The backlash from rights groups and other concerned stakeholders was quick and mounting, with many registering their disappointment with PH for having reneged on its past election pledges to repeal the law.

Anwar’s government eventually “gave in” to the critics with the announcement of a review of the Act so that it could only be used against those who insulted the monarchs. It argued that the law is still necessary to deal with such crimes.

Last month, Home Minister Saifuddin Nasution Ismail said that the Cabinet has agreed to commence the process of amending the Act, with the objective of not tightening controls but determining how the Act can be invoked to manage the 3R (race, religion and royalty) phenomenon.

It is becoming crystal clear that the government has no plans to replace the Act.

Public harmony laws

This Madani government appears to be "living in a pretension" that the Sedition Act is the right law to be used to deal with 3R bile when the truth is that there are alternatives presented for this law. One would have to “rewind” to the last decade.

In 2012, former prime minister Najib Razak, now a high-profile occupant of Kajang Prison, said he would abolish the Sedition Act because it “represents a bygone era” and replace it with the National Harmony Act.

The National Harmony Bills, he said, would consist of the Racial and Religious Hate Crimes Bill, the National Harmony and Reconciliation Bill, and the National Harmony and Reconciliation Commission Bill. The Racial and Religious Hate Crimes Bill specifically targets hate speech, something which is absent in the Sedition Act.

But of course, Najib was never genuine in pushing this legal reform as his second government of 2013-2018 ended up having arrested, investigated and charged more people for alleged sedition than in the entire 55 years of post-Merdeka Malaysia prior to that, according to Lawyers for Liberty’s N Surendran.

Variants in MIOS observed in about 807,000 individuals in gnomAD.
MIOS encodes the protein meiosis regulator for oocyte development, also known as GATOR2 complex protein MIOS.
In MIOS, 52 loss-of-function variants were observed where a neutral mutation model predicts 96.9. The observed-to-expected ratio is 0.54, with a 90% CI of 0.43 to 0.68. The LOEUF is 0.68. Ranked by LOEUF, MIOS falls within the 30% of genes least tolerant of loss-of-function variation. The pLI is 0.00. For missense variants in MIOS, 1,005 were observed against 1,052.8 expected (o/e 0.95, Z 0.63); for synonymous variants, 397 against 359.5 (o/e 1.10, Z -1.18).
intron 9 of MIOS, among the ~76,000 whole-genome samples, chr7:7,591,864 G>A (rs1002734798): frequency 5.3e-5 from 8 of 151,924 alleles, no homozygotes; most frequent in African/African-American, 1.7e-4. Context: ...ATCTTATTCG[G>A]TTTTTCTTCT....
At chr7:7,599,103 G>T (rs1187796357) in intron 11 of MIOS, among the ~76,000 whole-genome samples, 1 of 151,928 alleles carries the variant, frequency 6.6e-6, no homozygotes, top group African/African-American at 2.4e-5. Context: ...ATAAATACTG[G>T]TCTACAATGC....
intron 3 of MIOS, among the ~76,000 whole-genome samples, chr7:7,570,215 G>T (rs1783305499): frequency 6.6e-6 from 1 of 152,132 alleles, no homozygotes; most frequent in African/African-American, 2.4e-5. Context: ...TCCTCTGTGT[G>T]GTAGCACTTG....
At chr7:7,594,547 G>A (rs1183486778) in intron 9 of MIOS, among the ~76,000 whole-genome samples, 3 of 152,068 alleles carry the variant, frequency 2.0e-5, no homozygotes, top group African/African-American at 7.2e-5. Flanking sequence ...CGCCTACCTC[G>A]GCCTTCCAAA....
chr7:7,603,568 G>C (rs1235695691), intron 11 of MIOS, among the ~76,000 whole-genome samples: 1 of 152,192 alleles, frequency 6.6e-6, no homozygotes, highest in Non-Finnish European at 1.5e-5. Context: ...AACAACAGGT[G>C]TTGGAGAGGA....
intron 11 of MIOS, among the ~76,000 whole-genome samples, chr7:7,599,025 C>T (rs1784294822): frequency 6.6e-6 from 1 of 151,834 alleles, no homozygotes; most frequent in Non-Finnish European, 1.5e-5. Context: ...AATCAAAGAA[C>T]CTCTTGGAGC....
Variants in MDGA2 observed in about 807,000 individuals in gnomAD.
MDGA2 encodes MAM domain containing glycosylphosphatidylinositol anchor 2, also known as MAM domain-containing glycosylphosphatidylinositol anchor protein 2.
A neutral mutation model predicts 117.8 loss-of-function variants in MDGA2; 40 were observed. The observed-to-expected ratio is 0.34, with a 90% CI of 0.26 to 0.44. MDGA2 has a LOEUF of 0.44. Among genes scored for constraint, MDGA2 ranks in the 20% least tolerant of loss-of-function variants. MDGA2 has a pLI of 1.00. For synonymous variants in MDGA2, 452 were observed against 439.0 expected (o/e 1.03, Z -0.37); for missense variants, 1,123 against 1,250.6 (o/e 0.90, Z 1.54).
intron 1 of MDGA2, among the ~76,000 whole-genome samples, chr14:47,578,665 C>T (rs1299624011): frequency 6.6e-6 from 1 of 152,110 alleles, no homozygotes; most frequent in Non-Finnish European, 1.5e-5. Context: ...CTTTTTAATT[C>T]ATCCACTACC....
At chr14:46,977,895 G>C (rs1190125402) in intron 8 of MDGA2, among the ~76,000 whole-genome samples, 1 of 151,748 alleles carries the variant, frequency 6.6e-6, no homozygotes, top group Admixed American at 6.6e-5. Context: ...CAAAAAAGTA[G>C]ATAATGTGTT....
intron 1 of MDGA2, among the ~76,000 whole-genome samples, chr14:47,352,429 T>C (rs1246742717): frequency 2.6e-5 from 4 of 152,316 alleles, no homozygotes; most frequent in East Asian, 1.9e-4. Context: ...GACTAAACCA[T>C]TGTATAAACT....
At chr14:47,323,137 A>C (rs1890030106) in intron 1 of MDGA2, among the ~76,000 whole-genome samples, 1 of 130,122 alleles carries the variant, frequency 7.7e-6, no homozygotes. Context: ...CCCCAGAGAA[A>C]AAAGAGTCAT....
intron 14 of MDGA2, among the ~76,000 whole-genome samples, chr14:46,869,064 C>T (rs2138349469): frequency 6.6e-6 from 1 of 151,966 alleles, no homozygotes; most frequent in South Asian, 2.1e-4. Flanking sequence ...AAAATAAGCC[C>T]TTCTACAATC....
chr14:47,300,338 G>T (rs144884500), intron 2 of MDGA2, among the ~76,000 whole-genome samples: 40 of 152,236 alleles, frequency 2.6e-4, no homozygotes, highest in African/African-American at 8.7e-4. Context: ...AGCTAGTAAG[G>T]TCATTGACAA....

According to Surendran, there was a record of about 170 sedition cases in just three years between 2013 and 2016. In 2015 alone, during the peak of Najib's sedition crackdown, about 91 people were arrested, investigated or charged for sedition.

Najib's administration charged more people for sedition than the previous administrations of Tunku Abdul Rahman, Tun Razak Hussein, Hussein Onn, Abdullah Ahmad Badawi and Mahathir put together, said the lawyer.

The former Umno leader, who is currently paying the price (is he?) for his crimes, has left behind the National Harmony Bills, a genuinely good piece of legislation proposal which should be considered by Anwar’s government.

Even former Bar Council president Karen Cheah, who is no ally of Najib, suggested that the government introduce the same Bills. These bills, said Cheah, would help in “achieving the balance of upholding freedom of speech while maintaining public security”.

For PH, enacting these public harmony laws might be seen as recognising the former kleptocrat-in-chief. But the coalition has no choice at the moment.

The slow pace of reforms from PH is fast alienating the coalition from the voters. This was evident from negative online sentiments towards PH, and poor voter turnout at the coalition’s strongholds Penang and Selangor in the August 2023 state elections, which led to severe loss of seats for Anwar’s party PKR.

If Anwar does not want to further risk bleeding support from these voters (especially the liberals and progressives) come the next general elections, then he has to swallow his pride and adopt the National Harmony Act.

It is high time that reformist backbencher MPs in PH push the prime minister to repeal the Sedition Act and adopt the National Harmony Bills. Improvements can be made to these bills should they have zero provisions that could shield the monarchs from acts of treason and seditious comments through engagements with legal scholars and the Bar Council.

Good laws do exist to replace the Sedition Act. It is just that this government needs to stop pretending that it doesn't exist.